I will be sure to post some photos when I’m done! It’s going to be a while before I can get to it — I have to wait for winter. There is still a LOT of outdoor work on the farm that we need to do to prepare for winter! It’s a little overwhelming, but we are finding some people to help and it’s coming along!
I felt like a bit of an astronaut a few days ago. Darren and I were doing some much-needed roofing on the main barn. When my grandpa built it in 1957 or so, they used wooden shingles. Can you imagine nailing one shingle down at a time? Over the years the wooden shingles have been drying out and getting smaller and smaller as they age, so the roof leaks. My dad started replacing the roof with tin, which is a fantastic roofing material, but he didn’t quite finish.
We have two panels 3 feet wide to do, plus three small areas that are odd shapes. Earlier in the summer, I went up and did a little work removing the last of the wooden shingles, but it’s unnerving. Because it’s so high, and so steep, it’s really hard to work. There are no good hand/foot holds, and when you constantly feel like you’re going to slip off, you can’t really do anything. Plus, with nowhere to brace yourself, you can’t really put any muscle into anything you do!
So, my safety-bear of a husband attached 2 solid anchor points by installing heavy-duty hooks from the inside of the hayloft. Once we had those, he googled how to make a rope safety harness and bought rope. So, now, we have a way to anchor ourselves so that we don’t have to worry about falling to our deaths. Don’t mean to sound melodramatic, but it would be quite a fall…
The other night we finally got the perfect night to go up there and install those last pieces, so we set about cutting them and getting everything ready. Ladder, check. Ropes, check. Extension cord, check (we were using an electric drill/screwdriver). Special grippy footwear (Vibrams), check. One at a time, we climbed the ladder with our small pieces of tin, drill and harnesses — with tool belts attached. We clicked into our safety lines, but we couldn’t just walk around up there — the roof was too slippery even with the grippy footwear, so we switched to bare feet. How odd to be safety-minded in bare feet! No steel-toed footwear here! But the sweat on our feet was the best grip-enhancer of all. So, we got to work.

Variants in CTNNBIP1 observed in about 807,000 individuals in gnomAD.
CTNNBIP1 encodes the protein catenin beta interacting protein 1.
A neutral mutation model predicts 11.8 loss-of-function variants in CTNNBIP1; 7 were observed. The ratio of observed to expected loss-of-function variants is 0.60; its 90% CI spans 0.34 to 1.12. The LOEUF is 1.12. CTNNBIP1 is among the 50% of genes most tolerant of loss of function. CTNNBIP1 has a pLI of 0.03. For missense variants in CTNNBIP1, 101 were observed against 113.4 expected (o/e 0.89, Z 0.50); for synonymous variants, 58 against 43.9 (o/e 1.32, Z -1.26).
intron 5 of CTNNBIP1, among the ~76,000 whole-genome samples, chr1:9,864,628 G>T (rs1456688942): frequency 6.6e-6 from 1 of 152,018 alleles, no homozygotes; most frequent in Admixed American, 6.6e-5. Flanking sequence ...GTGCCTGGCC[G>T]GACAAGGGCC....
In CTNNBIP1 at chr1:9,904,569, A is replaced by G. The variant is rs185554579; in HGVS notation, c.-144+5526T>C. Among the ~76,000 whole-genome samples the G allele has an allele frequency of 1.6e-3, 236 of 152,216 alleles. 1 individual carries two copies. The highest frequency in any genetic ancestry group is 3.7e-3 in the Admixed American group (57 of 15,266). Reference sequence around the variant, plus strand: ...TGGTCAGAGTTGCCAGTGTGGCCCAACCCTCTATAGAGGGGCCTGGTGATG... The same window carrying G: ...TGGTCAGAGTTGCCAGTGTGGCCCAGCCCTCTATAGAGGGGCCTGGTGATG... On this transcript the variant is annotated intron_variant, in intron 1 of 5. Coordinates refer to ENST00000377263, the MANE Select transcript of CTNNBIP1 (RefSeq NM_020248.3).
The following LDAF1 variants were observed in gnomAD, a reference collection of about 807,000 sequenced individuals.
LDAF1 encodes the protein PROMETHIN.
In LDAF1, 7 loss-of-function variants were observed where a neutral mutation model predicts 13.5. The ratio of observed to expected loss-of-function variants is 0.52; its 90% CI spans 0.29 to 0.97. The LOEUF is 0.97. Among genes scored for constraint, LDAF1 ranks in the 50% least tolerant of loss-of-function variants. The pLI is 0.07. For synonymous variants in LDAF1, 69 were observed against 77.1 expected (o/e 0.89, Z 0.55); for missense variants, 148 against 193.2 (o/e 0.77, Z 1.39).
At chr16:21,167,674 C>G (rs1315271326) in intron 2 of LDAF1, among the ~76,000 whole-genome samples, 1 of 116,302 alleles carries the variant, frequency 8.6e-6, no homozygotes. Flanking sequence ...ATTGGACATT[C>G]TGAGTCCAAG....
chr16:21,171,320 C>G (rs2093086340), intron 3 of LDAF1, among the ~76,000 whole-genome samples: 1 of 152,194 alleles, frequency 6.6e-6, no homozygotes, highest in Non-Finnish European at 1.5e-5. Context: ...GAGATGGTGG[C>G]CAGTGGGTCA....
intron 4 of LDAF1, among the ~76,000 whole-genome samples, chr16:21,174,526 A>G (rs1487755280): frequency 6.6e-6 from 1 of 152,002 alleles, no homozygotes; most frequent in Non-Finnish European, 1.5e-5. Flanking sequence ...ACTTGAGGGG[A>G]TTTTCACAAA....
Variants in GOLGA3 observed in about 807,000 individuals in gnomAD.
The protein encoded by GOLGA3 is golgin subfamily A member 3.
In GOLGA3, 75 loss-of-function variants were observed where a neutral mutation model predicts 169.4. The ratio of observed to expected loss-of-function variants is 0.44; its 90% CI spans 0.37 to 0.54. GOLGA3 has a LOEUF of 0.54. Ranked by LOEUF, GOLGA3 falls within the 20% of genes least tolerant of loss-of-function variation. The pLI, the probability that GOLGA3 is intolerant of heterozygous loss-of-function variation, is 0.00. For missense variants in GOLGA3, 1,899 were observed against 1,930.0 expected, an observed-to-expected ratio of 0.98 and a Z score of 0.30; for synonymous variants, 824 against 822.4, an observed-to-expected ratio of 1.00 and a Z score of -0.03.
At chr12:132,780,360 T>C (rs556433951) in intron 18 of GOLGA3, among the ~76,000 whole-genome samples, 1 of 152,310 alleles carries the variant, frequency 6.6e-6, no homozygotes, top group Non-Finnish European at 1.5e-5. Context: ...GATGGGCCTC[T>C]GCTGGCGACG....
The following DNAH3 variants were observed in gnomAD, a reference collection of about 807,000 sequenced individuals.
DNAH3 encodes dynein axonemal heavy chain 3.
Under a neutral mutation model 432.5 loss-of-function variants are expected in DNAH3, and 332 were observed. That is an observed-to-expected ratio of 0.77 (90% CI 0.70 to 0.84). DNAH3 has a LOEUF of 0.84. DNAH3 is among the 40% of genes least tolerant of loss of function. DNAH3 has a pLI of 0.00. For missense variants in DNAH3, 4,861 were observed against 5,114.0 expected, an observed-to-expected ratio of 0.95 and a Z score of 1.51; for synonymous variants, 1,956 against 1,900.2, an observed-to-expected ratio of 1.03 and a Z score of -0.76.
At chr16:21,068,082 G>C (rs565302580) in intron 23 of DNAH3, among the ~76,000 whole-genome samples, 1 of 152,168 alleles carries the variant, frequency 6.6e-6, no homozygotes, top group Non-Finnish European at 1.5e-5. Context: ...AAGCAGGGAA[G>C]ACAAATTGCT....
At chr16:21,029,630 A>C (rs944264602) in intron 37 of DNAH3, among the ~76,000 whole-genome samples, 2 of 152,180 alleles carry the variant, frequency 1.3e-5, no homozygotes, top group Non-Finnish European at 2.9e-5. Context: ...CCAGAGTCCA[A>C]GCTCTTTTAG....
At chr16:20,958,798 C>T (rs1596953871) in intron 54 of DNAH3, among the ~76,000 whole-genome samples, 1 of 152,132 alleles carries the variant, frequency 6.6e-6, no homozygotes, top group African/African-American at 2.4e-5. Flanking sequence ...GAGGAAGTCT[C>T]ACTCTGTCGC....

We installed a small, simple piece easily enough, and then moved on to a harder one that required one of us to go onto the very top part of the roof. Darren climbed up there, checking out the 2 small patch-pieces that needed to be added, and then a thought occurred to me: we only have one ladder. What if we somehow knocked it down? We’d be stuck on the roof! Neither one of us had our phones! So, for all our planning, and safety, we had forgotten a pretty major one. So, I put my Vibrams back on and went to get a back-up ladder. It was just around the corner, leading into the hayloft. So, with the second ladder in place, we decided to try install a big piece of tin.
Unfortunately, the last piece my Dad had installed had a gash in it, so we had to take that one off and install one of our newly-cut pieces in its place. So, we’ll have to cut one more another day. I climbed down again and got the piece, which we had washed earlier to get the spruce needles and general grime off. The piece was just over 3 feet wide by 99″ long (8’3″) and although it was not overly heavy, it was awkward. I managed to carry it in one hand and go up the ladder. Once on the roof, I got to put it down while Darren positioned himself. When he was ready, I had to bring the piece over to the upper roof and lift it up about chest-high, so we could slide it into position. This sounds so easy but was in reality so hard! I needed to use both hands, and each of my feet were only gripping onto one screw of the roof I was standing on!